In the days when I was a registered Independent, I used to say that the Christian right scared me away from the Republicans, and the Democrats’ powerful union allies made me queasy. As I’m now fully aware, my attempt at evenhanded parallelism was unfair to unionized Americans. Still, my attitude was not entirely without merit, and I’ll bet that any Democrat who takes a pragmatic approach to policy issues understands the feeling.

Since Democrats came to power in Congress in 2007, one issue that has refused to die is the Employee Free Choice Act, better known as card check legislation. The bill faces steep odds in the Senate and has never been the top priority for the president or congressional leaders. But, every now and again, the issue pops up, reminding Democrats like me of their awkward relationship with organized labor.

The most controversial portion of the EFCA is the card check proposal. Currently, if 30 percent of employees petition for unionization, the National Labor Relations Board can either accept the petition immediately or hold a secret-ballot election, in which union supporters must receive at least 50 percent of the vote in order to launch a union. Under the EFCA plan, however, a union would legally be formed if just 50 percent of a company’s employees voted in favor of unionization.

Supporters of the bill claim that employers intimidate union supporters. Opponents counter that permitting card check would expose skeptical employees to peer pressure from their pro-union colleagues. Really, though, each side’s argument boils down to the same point: Card check would bolster unionization in America. Receptiveness to the EFCA depends upon how one views this outcome.

Organized labor has certainly given me grounds for hesitation.

Most recently, the country’s two largest unions, The American Federation of Labor and Congress of Industrial Organizations and the Service Employees International Union, fought the Senate health care reform bill’s “Cadillac” tax on high-cost insurance policies, an essential means of reducing health care inflation. Their opposition has placed health care reform in jeopardy by persuading their Democratic buddies in the House not to approve the Senate’s bill. On trade policy, the AFL-CIO is notoriously difficult. Their push for protectionism has derailed bilateral trade deals in Congress and weakened the president’s hand ahead of any efforts to salvage the Doha Round of trade negotiations.

And yet, despite their noxious meddling in public policy, unions perform an invaluable service for the American economy. They are the social safety net of last resort.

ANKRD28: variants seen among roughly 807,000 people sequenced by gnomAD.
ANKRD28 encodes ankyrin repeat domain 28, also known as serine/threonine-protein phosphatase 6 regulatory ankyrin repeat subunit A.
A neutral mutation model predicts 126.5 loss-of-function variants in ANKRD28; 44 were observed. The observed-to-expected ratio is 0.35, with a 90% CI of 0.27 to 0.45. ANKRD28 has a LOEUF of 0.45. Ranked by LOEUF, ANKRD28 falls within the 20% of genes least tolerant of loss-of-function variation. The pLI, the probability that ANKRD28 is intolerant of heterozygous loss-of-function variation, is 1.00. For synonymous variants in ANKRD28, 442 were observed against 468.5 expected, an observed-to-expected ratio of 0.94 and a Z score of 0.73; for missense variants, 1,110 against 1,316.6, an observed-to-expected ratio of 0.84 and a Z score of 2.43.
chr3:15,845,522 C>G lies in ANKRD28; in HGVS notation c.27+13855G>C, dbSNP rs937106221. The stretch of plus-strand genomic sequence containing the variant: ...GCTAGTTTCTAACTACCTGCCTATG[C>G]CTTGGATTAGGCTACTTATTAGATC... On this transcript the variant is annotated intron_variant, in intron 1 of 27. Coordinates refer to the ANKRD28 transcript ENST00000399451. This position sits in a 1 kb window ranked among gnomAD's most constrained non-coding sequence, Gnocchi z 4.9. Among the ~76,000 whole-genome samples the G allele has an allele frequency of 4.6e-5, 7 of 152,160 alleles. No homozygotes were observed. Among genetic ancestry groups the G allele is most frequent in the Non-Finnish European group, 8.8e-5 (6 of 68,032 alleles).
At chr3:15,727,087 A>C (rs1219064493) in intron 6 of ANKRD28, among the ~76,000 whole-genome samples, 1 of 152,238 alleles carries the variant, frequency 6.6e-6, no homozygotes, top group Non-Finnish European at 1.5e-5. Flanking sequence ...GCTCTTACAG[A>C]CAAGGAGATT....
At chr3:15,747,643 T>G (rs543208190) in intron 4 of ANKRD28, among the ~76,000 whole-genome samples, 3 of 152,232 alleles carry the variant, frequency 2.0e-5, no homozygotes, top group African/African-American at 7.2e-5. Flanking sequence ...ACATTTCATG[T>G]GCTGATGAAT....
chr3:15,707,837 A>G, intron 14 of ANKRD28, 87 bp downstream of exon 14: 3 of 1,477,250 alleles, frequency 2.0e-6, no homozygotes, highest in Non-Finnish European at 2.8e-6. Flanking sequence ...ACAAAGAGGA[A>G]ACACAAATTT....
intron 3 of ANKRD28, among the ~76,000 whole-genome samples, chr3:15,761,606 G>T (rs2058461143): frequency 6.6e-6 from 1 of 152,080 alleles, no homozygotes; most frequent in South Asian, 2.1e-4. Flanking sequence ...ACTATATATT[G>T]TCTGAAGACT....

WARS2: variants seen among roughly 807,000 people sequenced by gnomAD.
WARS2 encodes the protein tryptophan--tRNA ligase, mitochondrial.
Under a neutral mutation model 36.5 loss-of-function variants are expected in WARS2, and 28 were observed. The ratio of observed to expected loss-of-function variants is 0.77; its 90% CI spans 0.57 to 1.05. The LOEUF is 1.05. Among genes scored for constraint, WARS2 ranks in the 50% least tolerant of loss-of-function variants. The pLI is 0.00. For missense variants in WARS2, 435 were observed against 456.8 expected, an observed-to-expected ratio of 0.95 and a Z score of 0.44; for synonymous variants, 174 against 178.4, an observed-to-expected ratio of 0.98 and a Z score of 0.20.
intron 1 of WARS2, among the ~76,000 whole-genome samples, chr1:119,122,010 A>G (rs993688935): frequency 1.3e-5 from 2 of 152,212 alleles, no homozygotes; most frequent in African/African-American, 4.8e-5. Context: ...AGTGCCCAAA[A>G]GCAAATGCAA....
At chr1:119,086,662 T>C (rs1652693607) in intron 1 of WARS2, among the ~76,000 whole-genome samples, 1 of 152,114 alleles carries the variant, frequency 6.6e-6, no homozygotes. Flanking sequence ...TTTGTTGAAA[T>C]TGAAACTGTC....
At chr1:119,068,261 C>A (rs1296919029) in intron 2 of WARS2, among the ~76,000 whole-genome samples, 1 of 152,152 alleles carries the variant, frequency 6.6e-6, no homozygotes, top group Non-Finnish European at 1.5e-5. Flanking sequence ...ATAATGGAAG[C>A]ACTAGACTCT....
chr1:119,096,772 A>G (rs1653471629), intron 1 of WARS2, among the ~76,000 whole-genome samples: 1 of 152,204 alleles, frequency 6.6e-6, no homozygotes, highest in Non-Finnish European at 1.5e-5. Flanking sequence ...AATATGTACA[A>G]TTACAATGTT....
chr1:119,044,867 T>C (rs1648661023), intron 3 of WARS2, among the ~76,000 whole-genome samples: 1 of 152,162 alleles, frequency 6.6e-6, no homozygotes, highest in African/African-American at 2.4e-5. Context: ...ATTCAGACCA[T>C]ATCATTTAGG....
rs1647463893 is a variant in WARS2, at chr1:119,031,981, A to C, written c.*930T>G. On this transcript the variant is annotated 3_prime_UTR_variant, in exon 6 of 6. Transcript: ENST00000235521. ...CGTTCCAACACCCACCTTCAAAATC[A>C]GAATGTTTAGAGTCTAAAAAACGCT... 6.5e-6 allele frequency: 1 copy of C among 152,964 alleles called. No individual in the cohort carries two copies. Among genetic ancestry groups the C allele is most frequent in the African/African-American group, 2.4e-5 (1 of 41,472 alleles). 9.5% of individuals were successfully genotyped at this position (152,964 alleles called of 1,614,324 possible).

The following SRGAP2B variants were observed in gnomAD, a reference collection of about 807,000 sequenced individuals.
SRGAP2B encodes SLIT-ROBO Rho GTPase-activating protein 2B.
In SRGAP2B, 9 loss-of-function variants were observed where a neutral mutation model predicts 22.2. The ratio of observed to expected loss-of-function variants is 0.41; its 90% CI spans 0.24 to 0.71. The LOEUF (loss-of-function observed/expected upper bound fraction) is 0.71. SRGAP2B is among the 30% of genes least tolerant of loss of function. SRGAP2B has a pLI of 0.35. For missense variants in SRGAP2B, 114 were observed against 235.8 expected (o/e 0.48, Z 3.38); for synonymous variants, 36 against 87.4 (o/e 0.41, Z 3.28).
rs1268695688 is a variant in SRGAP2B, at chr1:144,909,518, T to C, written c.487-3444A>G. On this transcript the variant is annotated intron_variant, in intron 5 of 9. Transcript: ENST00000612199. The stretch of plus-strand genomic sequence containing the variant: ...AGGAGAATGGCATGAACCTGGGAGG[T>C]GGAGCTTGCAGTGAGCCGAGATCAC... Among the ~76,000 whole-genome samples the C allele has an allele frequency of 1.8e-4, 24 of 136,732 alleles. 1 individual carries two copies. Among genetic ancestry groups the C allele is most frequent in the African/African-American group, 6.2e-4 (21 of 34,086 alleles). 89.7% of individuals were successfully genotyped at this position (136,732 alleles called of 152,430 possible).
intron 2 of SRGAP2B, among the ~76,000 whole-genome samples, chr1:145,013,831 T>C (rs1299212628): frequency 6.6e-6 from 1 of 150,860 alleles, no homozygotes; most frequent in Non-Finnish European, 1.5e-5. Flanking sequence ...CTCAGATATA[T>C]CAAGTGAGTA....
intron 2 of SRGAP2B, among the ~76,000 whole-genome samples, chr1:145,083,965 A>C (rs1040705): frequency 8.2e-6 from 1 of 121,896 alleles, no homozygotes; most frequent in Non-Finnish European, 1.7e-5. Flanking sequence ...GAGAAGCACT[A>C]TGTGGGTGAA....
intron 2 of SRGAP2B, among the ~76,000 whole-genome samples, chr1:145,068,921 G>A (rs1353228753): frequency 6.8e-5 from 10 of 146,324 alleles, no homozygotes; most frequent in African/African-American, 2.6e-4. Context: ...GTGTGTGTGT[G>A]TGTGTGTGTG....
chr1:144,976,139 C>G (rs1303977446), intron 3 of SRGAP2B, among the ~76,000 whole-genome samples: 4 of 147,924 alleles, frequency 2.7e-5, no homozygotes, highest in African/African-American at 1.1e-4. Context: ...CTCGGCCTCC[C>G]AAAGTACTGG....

For at least three decades, conservative economic orthodoxy has stood in the way of universal health coverage and a robust commitment to social welfare. Unions, then, take up the job neglected by the government. For example, when wages stagnate and Congress goes a full decade without raising the minimum wage (as it did between 1997 and 2007), unions step in to negotiate fair compensation for their workers.

It is no wonder that many American workers feel threatened by immigration and trade. But free trade expands the economy and ultimately creates jobs. The true villain is a government that has not provided a social safety net to give workers confidence in a sound future for themselves and their families.

American workers have been doubly hit because even the union-provided safety net has not existed in America for some time. Private sector union membership has declined to about 7 percent from around 20 percent in 1979.

According to a 2009 study by the Economic Policy Institute and American Rights at Work, nearly 90 percent of employers force their workers to attend anti-union meetings during NLRB elections. In 47 percent of cases, employers threaten to cut wages and, most egregiously, one-third of employers actually fire their workers who support unionization.

Clearly, the union side of the EFCA debate has the more accurate claim. But is card check the best solution? It may not be. William Gould – who served as chairman of the NLRB during the Clinton years – argues that card check is largely a distraction. The real answer to the plight of unions should involve holding elections more quickly after workers petition to form a union, speeding up the process for adjudicating worker grievances and allowing union defenders to address worker meetings alongside anti-union speakers.

Regardless, it is clear that something must be done. But, in exchange for my pro-union conversion and Democrats’ steadfast support for collective bargaining rights, may I request one favor of my newfound friends down at the local? When Democrats try to expand the safety net to Americans not fortunate enough to have union backing, stay out of the way. Oh yeah, and keep your paws off trade policy.

Sam Harbourt is a senior in the School of Foreign Service. He can be reached at The Pragmatic Progressive appears every other Friday.

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